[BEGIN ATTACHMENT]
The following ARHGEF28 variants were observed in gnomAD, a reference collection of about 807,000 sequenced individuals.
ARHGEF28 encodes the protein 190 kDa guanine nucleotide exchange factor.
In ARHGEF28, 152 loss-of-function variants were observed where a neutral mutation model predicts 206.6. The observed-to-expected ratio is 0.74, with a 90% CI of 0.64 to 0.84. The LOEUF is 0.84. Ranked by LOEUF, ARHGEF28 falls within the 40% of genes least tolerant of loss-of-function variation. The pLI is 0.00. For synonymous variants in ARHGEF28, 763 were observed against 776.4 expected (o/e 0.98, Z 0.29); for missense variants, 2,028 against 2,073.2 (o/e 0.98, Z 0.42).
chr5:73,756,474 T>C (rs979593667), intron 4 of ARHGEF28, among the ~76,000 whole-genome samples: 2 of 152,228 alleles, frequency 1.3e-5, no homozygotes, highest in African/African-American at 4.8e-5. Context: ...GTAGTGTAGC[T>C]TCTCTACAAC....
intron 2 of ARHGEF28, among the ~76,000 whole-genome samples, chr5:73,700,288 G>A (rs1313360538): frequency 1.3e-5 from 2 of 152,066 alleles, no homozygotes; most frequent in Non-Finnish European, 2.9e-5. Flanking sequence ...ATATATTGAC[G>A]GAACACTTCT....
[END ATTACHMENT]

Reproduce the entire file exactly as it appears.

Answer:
The following ARHGEF28 variants were observed in gnomAD, a reference collection of about 807,000 sequenced individuals.
ARHGEF28 encodes the protein 190 kDa guanine nucleotide exchange factor.
In ARHGEF28, 152 loss-of-function variants were observed where a neutral mutation model predicts 206.6. The observed-to-expected ratio is 0.74, with a 90% CI of 0.64 to 0.84. The LOEUF is 0.84. Ranked by LOEUF, ARHGEF28 falls within the 40% of genes least tolerant of loss-of-function variation. The pLI is 0.00. For synonymous variants in ARHGEF28, 763 were observed against 776.4 expected (o/e 0.98, Z 0.29); for missense variants, 2,028 against 2,073.2 (o/e 0.98, Z 0.42).
chr5:73,756,474 T>C (rs979593667), intron 4 of ARHGEF28, among the ~76,000 whole-genome samples: 2 of 152,228 alleles, frequency 1.3e-5, no homozygotes, highest in African/African-American at 4.8e-5. Context: ...GTAGTGTAGC[T>C]TCTCTACAAC....
intron 2 of ARHGEF28, among the ~76,000 whole-genome samples, chr5:73,700,288 G>A (rs1313360538): frequency 1.3e-5 from 2 of 152,066 alleles, no homozygotes; most frequent in Non-Finnish European, 2.9e-5. Flanking sequence ...ATATATTGAC[G>A]GAACACTTCT....